Rite Aid, Folds of Honor celebrate DreamShip’s inaugural launch

JERSEY CITY, N.J. — With the Statue of Liberty, One World Trade Center and Ellis Island as a backdrop, nonprofit Folds of Honor inaugurated its DreamShip — a full-size hot air balloon — at Liberty State Park Thursday, kicking off a yearlong, awareness-raising nationwide tour for the balloon, with Rite Aid executives and associates, Folds of Honor founder Maj. Dan Rooney, New Jersey Lt. Gov. Kim Guadagno, scholarship recipients and other sponsors in attendance.

Folds of Honor, which was started in 2007 by Rooney, who served three tours of duty in Iraq, provides scholarships to the children of fallen or disabled veterans. In June, the Rite Aid Foundation pledged $6 million over the next three years through its KidCents program, and in 2015 awarded more than $1.3 million to the organization. The DreamShip showcases artwork created by Folds of Honor scholarship recipients — about 130 of the balloon’s more than 400 fabric panels feature drawings of the dreams of children helped by Folds of Honor.

The event kicked off with the national anthem and a patriotic medley by students with Renaissance Youth Center’s Music With a Message program — a Bronx-based children’s organization that is among the KidCents beneficiaries. Representing Rite Aid were SVP and chief communications officer Susan Henderson, EVP marketing David Abelman, EVP store operations Byran Everett, chairman and CEO John Standley and Rite Aid CEO of stores, president of Rite Aid Corp. and president of the Rite Aid Foundation Ken Martindale.

Martindale took the stage at the event to discuss why Folds of Honor is a necessary presence in the lives of children whose parents have fallen or been injured while serving their country, and why the location was fitting. Gesturing toward the landmarks around him, Martindale said, “These iconic points in the skyline really mean something to everybody in this room. They represent one of our country’s most prized possessions: freedom.”

“I think we all agree that we're very fortunate to live in a country that allows us the freedom that we have, but I think it's critical that we remember that freedom isn't free,” Martindale said. “Since the country's earliest days, millions of our citizens have fought to protect those rights. Not only those who have served, but their families have sacrificed so that future can enjoy the freedoms we all enjoy today. In many cases, those families have endured the ultimate sacrifice, and that's really what this is all about. It’s important that these families know that we're not forgetting that and that their contributions do not go unnoticed.”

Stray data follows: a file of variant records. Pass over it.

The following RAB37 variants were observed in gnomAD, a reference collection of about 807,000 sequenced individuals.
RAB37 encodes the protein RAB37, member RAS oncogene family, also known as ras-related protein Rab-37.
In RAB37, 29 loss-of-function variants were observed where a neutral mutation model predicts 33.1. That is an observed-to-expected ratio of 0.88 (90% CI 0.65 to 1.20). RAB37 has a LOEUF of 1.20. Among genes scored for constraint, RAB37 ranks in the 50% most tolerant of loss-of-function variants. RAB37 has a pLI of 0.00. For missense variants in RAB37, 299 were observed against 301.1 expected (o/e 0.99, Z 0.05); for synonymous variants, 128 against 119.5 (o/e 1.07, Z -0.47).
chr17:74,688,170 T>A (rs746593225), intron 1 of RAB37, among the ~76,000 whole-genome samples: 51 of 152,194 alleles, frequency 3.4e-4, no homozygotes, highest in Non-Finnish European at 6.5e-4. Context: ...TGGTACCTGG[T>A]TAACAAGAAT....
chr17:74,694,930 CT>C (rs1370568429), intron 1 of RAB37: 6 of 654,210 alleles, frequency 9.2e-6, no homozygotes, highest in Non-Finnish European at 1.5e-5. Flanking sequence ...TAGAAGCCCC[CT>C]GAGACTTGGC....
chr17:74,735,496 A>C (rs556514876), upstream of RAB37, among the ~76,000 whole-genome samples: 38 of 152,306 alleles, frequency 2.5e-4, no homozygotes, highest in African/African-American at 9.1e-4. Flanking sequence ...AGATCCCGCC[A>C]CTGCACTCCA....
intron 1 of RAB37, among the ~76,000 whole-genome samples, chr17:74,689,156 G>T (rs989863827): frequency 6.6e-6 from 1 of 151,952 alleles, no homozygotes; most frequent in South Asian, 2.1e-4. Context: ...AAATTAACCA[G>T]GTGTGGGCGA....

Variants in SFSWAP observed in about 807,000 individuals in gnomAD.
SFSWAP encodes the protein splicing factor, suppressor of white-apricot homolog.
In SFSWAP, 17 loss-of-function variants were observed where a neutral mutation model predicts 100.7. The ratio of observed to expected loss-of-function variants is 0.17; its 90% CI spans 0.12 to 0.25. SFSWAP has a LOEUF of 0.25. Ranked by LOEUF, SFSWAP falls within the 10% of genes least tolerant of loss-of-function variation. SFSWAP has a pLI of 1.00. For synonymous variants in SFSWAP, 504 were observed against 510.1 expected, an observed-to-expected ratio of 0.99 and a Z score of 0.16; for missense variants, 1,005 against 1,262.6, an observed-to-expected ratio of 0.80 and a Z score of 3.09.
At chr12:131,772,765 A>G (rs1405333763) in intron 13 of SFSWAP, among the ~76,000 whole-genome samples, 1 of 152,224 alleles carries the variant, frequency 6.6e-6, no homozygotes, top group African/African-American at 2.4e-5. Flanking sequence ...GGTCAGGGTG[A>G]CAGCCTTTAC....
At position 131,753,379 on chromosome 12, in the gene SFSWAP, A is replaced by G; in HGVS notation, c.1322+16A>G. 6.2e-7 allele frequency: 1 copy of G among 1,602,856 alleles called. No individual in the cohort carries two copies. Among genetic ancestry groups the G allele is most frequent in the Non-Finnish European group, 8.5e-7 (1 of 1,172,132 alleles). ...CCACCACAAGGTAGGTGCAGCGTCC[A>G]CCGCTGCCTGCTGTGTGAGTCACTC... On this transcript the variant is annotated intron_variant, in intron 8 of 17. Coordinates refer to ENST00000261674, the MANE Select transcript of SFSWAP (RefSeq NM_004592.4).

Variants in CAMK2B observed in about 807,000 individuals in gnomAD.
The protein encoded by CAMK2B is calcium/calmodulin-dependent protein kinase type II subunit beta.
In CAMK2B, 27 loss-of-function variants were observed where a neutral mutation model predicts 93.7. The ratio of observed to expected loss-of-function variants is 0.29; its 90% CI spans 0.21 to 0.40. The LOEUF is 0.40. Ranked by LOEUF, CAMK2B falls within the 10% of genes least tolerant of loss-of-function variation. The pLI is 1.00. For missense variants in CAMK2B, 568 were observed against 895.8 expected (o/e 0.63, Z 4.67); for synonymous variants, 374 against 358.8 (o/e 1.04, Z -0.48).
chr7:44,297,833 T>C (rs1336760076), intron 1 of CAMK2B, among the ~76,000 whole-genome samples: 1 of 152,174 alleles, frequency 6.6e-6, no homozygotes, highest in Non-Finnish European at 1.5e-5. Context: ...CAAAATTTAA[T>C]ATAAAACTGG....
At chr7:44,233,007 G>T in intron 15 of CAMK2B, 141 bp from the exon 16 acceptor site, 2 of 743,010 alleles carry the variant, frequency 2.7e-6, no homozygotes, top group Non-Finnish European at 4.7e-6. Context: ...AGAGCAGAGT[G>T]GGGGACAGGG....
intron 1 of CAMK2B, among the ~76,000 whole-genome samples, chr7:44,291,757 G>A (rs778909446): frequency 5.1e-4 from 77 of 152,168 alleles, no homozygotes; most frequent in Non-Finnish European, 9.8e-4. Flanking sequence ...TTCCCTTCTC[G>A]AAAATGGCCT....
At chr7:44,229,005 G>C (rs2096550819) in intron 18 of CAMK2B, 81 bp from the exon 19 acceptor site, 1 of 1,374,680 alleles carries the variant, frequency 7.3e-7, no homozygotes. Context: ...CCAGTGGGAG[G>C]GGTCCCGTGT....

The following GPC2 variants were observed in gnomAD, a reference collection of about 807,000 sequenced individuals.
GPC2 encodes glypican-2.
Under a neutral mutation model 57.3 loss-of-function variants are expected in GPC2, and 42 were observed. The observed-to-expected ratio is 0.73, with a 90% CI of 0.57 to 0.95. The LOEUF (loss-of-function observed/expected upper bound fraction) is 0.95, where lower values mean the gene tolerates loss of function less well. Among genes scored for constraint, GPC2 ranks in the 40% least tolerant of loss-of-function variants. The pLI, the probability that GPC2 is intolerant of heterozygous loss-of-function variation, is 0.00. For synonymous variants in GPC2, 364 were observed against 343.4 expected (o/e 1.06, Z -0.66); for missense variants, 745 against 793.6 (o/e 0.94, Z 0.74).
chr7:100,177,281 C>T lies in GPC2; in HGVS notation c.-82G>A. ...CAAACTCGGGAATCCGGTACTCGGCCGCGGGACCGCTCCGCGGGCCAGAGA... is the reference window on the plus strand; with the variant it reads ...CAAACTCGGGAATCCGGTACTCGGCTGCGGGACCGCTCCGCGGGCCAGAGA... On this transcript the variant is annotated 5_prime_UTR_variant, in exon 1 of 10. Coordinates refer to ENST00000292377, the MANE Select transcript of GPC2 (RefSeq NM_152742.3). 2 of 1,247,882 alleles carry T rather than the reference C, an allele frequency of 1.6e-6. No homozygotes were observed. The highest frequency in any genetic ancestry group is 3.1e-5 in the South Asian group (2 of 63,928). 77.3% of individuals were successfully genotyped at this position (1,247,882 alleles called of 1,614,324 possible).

Martindale introduced Guadagno — a military mother herself — who discussed the significance of the landmarks surrounding the event, recognizing the New Jersey residents who died in the September 11, 2001, terror attacks and the veterans from New Jersey who have fallen in the line of duty in the 15 years since.

After Guadagno, Rooney took the stage to discuss how he came to start Folds of Honor after flying back from Iraq to the U.S. on a commercial flight carrying the remains of Corporal Brock Bucklin and felt the need to do something to help Bucklin’s family and families in similar circumstances.

“We cannot think of a better way to showcase the stories and dreams of our scholarship recipients than to lift them up with the DreamShip for the world to see,” Rooney said. “Folds of Honor is so fortunate to partner with The Rite Aid Foundation in our mission to educate the legacy of our fallen and disabled service members. We look forward to following the DreamShip on its journey across the country and sharing the stories of our deserving scholarship recipients.”

After Rooney spoke, he and Martindale recognized several scholarship recipients in attendance, and the event closed with a toast to the DreamShip and the balloonist’s prayer.

“From here on out, with every launch, the DreamShip will lift up the dreams of children helped by Folds of Honor, both physically and metaphorically, and the Rite Aid Foundation could not envision a better way to show our support of Folds of Honor, our veterans and their children,” Martindale said.

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